28 Jul, 10 | by BMJ
by Dr Ashley McKimm
This week sees the launch of a new BMJ website to help empower junior doctors to improve the care their patients receive. It recognises that junior doctors often gain a unique insight into healthcare problems and their solutions whilst working on the frontline.
The website, agentsforchange.bmj.com, was launched to support the two ‘Agents for Change’ conferences running this year and hopes to give juniors the tools they need to get their clinical improvement ideas heard.
Earlier this year junior doctors in England were challenged to submit worked templates of how they could improve patient safety. Over 80 submissions were received and the best were presented in a ‘Dragon’s Den’ style event at the ‘Agents for Change’ July patient safety conference in London.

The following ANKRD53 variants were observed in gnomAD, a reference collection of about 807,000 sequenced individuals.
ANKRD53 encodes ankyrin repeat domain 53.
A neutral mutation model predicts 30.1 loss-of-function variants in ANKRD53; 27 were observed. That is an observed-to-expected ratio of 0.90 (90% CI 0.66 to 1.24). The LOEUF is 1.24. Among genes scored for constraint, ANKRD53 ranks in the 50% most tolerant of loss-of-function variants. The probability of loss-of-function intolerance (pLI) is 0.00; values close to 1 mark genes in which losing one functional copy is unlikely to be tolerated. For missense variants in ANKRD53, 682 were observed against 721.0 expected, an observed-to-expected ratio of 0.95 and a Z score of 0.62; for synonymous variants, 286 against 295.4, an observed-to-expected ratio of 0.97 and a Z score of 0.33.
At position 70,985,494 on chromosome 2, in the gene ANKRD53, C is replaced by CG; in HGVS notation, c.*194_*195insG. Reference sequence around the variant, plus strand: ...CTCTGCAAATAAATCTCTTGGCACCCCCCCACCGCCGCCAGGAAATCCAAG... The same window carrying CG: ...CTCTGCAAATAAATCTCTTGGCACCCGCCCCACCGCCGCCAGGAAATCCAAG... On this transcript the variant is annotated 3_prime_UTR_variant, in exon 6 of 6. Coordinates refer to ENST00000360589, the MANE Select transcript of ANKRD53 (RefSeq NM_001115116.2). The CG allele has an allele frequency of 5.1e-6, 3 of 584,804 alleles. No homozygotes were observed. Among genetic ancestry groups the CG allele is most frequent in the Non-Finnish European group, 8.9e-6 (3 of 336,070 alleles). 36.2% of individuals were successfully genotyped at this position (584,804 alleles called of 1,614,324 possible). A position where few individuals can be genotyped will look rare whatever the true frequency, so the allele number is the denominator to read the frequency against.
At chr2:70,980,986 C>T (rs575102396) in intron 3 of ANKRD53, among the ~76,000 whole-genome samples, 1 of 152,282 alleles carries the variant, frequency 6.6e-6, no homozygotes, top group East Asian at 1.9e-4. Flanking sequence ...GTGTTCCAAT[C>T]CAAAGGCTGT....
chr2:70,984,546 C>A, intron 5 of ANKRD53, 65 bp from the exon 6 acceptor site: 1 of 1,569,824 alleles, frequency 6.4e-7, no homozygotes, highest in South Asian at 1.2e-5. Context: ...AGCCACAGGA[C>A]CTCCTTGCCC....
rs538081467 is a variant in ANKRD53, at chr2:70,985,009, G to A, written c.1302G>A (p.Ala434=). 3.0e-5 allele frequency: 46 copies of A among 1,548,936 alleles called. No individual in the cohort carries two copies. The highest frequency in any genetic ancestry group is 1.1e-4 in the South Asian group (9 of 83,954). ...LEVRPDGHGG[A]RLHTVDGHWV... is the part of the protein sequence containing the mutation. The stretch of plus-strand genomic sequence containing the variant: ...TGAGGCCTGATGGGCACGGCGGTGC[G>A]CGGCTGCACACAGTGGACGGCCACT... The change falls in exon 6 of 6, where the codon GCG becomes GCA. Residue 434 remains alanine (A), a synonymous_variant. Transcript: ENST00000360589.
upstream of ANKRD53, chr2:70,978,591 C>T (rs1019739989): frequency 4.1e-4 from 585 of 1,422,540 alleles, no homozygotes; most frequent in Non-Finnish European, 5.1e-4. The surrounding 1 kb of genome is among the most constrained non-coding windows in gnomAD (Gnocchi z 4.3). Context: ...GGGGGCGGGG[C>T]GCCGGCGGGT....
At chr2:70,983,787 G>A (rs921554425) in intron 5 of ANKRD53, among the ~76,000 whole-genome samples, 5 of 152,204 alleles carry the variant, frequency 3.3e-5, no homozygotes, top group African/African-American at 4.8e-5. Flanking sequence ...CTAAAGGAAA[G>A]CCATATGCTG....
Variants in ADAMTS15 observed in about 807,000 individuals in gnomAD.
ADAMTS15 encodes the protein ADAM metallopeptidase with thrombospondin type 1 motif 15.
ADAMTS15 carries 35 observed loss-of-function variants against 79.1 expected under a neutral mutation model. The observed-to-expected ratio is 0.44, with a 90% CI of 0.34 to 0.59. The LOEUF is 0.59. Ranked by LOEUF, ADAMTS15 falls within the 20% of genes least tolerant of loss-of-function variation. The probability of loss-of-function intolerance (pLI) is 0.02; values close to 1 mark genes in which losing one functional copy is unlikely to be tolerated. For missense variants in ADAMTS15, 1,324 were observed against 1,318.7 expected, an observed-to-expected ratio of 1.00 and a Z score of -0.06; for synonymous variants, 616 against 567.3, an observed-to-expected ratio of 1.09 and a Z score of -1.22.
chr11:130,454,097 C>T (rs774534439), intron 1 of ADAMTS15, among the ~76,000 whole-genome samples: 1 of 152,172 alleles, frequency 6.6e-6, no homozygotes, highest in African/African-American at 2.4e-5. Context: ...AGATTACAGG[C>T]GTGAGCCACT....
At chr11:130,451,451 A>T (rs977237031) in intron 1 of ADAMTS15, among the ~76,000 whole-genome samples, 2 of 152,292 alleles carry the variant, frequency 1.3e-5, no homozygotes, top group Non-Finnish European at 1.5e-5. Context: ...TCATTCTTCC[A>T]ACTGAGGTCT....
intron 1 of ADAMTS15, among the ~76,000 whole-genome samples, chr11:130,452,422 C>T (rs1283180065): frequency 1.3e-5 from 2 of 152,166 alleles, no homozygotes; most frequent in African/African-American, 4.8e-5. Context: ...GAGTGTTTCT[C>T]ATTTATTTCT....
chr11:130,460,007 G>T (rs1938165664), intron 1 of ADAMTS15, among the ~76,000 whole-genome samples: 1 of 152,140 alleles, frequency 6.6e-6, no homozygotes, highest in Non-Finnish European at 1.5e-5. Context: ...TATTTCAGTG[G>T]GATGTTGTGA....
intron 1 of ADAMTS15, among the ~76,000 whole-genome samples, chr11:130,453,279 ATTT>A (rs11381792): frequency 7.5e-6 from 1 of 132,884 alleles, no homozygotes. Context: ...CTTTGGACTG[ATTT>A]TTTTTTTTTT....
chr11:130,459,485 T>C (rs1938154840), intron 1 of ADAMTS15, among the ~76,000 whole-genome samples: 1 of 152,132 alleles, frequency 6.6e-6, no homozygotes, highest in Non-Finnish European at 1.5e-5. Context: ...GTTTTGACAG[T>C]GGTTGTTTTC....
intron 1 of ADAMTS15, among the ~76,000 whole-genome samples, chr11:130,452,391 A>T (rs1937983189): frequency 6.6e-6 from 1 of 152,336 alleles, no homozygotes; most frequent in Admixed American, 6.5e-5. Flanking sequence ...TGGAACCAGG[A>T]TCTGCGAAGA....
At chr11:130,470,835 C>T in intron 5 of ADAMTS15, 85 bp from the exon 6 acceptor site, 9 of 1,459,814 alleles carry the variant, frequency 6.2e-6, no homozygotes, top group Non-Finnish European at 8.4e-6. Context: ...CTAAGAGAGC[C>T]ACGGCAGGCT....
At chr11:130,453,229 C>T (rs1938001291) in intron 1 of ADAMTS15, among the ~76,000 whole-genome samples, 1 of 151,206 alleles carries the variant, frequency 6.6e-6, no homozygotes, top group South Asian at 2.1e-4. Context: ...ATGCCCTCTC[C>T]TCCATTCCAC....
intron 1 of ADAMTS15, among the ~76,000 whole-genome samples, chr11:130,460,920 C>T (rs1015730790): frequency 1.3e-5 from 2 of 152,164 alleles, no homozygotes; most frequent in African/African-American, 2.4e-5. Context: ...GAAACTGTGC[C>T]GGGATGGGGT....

Videos of the pitches, posters and presentations are now available online. It aims to showcase how some junior doctors have created safety improvements in their workplace – often out-innovating the experts – and hopes to encourage others to follow.
Over the summer we’ll be launching a new collaborative forum to allow junior doctors to share their advice, as well as a categorised directory of clinical improvement projects. We’ll be encouraging juniors to use the site for support and to publish their successes online.
On the ‘Agents for Change’ website you’ll also find video presentations and blogs from healthcare experts including Professor Sir Bruce Keogh, Professor James Reason and Professor Chris Ham.
The next conference takes place at The King’s Fund on Wednesday 10 November. We’re inviting a junior doctor and senior manager from each NHS organisation to join us as we improve how we collaborate for quality care.
For junior doctors this is an opportunity to understand the structure of healthcare, learn how to develop a business case, and find out how to ensure your ideas get noticed. To register your interest in attending visit the ‘Events’ section at agentsforchange.bmj.com.
‘Agents for Change’ is developed by junior doctors and supported by the BMJ, Department of Health, King’s Fund, NPSA and NHS Confederation.